Brookhaven, GA, July 26, 2016 – by Trey Benton – Following recommendations from the City’s Community Development Department and Planning Commission, Brookhaven City Councilmembers voted to unanimously deny Solis Dresden Tuesday evening. The applicant, Terwilliger Pappas Multi-Family, LLC, sought to develop a mixed-use project requiring the rezoning of four parcels from a mixture of O-I and R-75 to PC-2. The project consisted of 121 Residential Units, 3,600 Square Feet of Live-Work Units, and 9,000 square feet of ground-floor commercial space.
Attorney Laurel David, with the Galloway Law Group who represented the developer throughout the process, asked Councilmembers to withdraw the application. She said if the application is denied, no one would be able to develop the property for two years, which would cause detriment to the owner. “We are not asking for a rezoning this evening, we are asking to withdraw this application,” David said. “And there is no public purpose that is being served by denying the request for withdrawal.”
Greg Power from developer Terwilliger-Pappas told Councilmembers he supported the withdrawal of the application. “We worked really hard on trying to design something that would meet the land use plan and gain support of the community,” said Power. “We were unsuccessful and we have no intentions of pursuing this project any further.”
Residents from nearby Brookhaven Fields, Ashford Park and Drew Valley, many of whom spent hundreds of hours working through the process on this development, showed up in force, donning red shirts to show their opposition to the proposal and appealed to the City Council to deny, not allow a withdrawal.
Bob Sorrentino outlined some of the things that have made the Dresden corridor great and why many residents have decided to invest in the area. “We need to be smart about development and we can make Dresden even better,” Sorrentino said. “We need the City of Brookhaven to hear what we have to say.”
Karen Dernavich told Councilmembers that PC-2, sought by this application, is the highest density in the Brookhaven Zoning Code. She said this classification and this density does not work for neighbors in this location. “Brookhaven is the most sought after prom date and we have standards,” she said. “Denial is something the city Council can do to show support for their citizens.” We have repeatedly told you we do not want this kind of density on Dresden. We look forward to a plan in the future that complies with standards.”
Gordon Robinson, who lives directly across from the proposed development spoke in support. “The project if it were approved would be directly across from my unit,” Robinson said. “It would hurt me too see all the trees I enjoy be taken down, but it would hurt me more to have a development built there that is not feasible.”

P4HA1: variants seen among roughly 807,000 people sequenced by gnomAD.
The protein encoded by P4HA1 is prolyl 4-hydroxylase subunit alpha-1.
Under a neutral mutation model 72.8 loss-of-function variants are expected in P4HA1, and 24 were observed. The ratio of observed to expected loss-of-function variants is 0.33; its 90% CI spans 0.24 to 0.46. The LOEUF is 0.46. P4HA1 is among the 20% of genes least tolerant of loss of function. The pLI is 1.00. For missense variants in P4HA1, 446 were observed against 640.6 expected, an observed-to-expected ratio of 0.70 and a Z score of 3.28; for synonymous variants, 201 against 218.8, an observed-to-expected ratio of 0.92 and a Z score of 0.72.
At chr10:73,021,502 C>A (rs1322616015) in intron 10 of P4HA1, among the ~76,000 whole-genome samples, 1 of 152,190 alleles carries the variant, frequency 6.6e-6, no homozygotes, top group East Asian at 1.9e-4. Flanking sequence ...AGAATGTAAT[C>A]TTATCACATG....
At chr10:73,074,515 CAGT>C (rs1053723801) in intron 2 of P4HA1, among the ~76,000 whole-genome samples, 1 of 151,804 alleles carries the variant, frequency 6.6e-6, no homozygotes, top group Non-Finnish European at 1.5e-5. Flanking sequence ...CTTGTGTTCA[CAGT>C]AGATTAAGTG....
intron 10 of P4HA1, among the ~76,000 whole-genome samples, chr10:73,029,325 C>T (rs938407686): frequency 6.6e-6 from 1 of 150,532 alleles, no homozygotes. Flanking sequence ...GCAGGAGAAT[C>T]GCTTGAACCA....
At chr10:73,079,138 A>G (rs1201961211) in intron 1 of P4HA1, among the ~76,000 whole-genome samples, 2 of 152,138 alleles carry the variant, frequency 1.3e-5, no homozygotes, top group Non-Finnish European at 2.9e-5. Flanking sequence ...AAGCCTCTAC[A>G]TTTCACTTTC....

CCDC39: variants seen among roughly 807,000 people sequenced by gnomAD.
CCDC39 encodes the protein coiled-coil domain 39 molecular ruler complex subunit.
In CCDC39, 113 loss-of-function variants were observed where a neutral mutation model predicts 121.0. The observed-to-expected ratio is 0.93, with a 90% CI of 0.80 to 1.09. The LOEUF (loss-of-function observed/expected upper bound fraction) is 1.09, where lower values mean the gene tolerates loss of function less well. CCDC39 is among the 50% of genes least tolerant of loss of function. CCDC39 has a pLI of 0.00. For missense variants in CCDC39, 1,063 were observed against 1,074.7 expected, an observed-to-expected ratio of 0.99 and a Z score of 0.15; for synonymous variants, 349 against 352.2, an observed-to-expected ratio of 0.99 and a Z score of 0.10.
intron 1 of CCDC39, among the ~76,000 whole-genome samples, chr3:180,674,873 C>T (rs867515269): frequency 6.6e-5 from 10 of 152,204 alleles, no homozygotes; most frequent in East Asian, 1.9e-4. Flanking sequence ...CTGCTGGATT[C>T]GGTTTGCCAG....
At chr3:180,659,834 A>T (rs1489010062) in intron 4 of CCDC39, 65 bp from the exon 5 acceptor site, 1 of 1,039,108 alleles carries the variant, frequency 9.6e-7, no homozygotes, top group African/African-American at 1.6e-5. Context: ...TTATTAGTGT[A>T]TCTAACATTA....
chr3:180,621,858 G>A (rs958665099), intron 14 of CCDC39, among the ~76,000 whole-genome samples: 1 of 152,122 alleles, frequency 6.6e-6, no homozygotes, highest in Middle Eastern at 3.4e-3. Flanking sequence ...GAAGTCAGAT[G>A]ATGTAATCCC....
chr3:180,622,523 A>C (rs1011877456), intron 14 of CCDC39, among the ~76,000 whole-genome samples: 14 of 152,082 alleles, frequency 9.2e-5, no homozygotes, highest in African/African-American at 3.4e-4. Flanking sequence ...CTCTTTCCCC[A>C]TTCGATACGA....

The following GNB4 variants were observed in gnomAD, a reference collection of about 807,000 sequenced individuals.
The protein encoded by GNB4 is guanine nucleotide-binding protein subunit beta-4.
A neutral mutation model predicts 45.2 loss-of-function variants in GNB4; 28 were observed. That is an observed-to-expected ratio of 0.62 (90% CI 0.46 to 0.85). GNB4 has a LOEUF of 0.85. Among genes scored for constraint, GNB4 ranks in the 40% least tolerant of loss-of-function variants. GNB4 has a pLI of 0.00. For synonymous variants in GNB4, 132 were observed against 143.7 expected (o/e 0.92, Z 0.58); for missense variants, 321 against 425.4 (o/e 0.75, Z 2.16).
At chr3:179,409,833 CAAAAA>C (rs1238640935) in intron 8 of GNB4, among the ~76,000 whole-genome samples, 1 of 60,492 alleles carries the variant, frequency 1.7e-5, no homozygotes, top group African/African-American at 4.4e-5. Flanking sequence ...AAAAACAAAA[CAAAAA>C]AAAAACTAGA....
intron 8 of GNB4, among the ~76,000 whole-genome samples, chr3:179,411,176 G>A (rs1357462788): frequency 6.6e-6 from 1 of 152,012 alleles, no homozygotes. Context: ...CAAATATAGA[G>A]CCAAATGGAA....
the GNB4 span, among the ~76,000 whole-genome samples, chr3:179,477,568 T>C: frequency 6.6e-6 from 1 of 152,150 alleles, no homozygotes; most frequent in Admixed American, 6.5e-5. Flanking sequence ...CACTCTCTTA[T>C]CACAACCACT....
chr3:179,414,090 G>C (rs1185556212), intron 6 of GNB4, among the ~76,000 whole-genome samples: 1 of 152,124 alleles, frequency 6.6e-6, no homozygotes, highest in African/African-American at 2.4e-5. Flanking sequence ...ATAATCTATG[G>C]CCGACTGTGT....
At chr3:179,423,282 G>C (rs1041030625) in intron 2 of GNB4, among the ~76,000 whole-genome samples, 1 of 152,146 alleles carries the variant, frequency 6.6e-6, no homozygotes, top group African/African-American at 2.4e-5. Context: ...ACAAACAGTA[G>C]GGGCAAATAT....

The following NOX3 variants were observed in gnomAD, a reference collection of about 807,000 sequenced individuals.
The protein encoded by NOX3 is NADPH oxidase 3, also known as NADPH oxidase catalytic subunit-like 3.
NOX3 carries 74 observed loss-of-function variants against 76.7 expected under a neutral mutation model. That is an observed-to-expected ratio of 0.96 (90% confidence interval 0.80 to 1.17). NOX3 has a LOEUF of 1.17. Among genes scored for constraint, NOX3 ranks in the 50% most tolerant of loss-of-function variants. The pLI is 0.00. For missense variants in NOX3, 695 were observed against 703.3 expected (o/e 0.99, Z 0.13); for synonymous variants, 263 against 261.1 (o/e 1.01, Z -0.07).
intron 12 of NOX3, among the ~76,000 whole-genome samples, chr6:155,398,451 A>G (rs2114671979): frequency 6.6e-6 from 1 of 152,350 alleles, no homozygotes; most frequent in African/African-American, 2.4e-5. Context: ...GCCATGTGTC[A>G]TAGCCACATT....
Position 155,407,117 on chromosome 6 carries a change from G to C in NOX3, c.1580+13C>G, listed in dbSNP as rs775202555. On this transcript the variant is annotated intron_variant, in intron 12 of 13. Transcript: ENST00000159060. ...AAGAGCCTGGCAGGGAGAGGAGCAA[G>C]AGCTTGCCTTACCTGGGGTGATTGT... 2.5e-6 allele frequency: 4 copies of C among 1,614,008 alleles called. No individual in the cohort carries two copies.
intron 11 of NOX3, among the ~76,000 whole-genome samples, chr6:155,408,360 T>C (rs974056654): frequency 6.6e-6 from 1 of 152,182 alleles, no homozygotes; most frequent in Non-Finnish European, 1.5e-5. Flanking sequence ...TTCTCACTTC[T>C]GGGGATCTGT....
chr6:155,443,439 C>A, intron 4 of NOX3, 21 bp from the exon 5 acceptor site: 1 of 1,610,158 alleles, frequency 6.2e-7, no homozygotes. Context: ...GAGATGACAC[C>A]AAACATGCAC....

Robinson explained the property he lives in across the street cannot support the amenities and security they have there. He suggested the higher density would allow more revenue to support the development.
“As a community we’ve got to be clear to our developers what we want to see. I encourage us to add the Overlay to the Character area study, for this parcel, and other future developments along Peachtree,” Councilman Bates Mattison who represents Brookhaven’s District 3 and who made the motion to deny said. “We have no reality of what we are actually saying what we would like to see.” He said the City and the developer have reached a zero-sum, lose-lose in this case.
Councilman John Park said emphatically that he has been telling developers to bring their “A-Game” early, get community support early, because if they don’t, the City will not hesitate to follow its laws, laws Park says are in place for a reason.
“The reason why the denial option is in the law books,” said Park, “is because, it’s in order to protect the citizens so that every 6 months they don’t have to come back and sacrifice hundreds of hours of their time. These aren’t people that are retired, with plenty of time on their hands, doing this for fun. These are people with jobs, with children, who are working hard to protect their neighborhoods. For us to ignore that, and to not send a clear message, and not deny when it’s warranted, I think is irresponsible on our part as a council.”
As far as the “damage” the denial has done to the owner, Park said as far as he is concerned, the owner of the property is the applicant who has hired an agent to represent him. “That agent did not act without the owner’s permission,” Park said. “So that to me, that argument is dubious. It’s like a ZBA hearing…creating your own hardship and asking to rectify that.”